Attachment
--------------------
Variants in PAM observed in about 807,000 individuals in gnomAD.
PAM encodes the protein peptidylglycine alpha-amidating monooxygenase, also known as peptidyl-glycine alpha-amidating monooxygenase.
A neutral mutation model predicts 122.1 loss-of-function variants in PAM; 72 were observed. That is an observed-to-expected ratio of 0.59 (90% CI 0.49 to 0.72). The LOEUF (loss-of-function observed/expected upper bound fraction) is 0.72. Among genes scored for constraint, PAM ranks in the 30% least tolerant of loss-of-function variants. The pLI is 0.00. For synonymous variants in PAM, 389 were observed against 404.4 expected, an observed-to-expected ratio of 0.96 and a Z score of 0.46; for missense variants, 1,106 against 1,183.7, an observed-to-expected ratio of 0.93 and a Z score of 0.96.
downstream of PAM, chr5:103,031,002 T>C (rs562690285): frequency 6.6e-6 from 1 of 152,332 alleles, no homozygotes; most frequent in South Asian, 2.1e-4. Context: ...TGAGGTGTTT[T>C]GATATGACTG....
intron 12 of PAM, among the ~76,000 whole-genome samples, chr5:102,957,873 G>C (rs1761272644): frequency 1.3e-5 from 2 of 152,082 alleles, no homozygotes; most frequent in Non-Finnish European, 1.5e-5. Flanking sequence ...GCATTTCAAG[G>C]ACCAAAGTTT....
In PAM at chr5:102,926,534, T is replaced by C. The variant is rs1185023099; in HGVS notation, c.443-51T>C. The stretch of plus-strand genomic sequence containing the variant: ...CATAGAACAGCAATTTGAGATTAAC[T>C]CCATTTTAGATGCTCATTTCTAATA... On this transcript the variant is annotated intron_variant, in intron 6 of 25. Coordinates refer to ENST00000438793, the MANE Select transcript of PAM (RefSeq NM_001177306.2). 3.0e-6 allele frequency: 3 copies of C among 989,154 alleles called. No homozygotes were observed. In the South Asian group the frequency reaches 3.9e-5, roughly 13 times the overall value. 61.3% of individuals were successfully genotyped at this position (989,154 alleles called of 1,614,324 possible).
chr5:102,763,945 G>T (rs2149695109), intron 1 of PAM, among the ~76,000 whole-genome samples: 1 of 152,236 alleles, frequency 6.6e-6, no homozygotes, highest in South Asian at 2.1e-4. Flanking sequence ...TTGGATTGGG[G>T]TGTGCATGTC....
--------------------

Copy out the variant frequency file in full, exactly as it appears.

Variants in PAM observed in about 807,000 individuals in gnomAD.
PAM encodes the protein peptidylglycine alpha-amidating monooxygenase, also known as peptidyl-glycine alpha-amidating monooxygenase.
A neutral mutation model predicts 122.1 loss-of-function variants in PAM; 72 were observed. That is an observed-to-expected ratio of 0.59 (90% CI 0.49 to 0.72). The LOEUF (loss-of-function observed/expected upper bound fraction) is 0.72. Among genes scored for constraint, PAM ranks in the 30% least tolerant of loss-of-function variants. The pLI is 0.00. For synonymous variants in PAM, 389 were observed against 404.4 expected, an observed-to-expected ratio of 0.96 and a Z score of 0.46; for missense variants, 1,106 against 1,183.7, an observed-to-expected ratio of 0.93 and a Z score of 0.96.
downstream of PAM, chr5:103,031,002 T>C (rs562690285): frequency 6.6e-6 from 1 of 152,332 alleles, no homozygotes; most frequent in South Asian, 2.1e-4. Context: ...TGAGGTGTTT[T>C]GATATGACTG....
intron 12 of PAM, among the ~76,000 whole-genome samples, chr5:102,957,873 G>C (rs1761272644): frequency 1.3e-5 from 2 of 152,082 alleles, no homozygotes; most frequent in Non-Finnish European, 1.5e-5. Flanking sequence ...GCATTTCAAG[G>C]ACCAAAGTTT....
In PAM at chr5:102,926,534, T is replaced by C. The variant is rs1185023099; in HGVS notation, c.443-51T>C. The stretch of plus-strand genomic sequence containing the variant: ...CATAGAACAGCAATTTGAGATTAAC[T>C]CCATTTTAGATGCTCATTTCTAATA... On this transcript the variant is annotated intron_variant, in intron 6 of 25. Coordinates refer to ENST00000438793, the MANE Select transcript of PAM (RefSeq NM_001177306.2). 3.0e-6 allele frequency: 3 copies of C among 989,154 alleles called. No homozygotes were observed. In the South Asian group the frequency reaches 3.9e-5, roughly 13 times the overall value. 61.3% of individuals were successfully genotyped at this position (989,154 alleles called of 1,614,324 possible).
chr5:102,763,945 G>T (rs2149695109), intron 1 of PAM, among the ~76,000 whole-genome samples: 1 of 152,236 alleles, frequency 6.6e-6, no homozygotes, highest in South Asian at 2.1e-4. Flanking sequence ...TTGGATTGGG[G>T]TGTGCATGTC....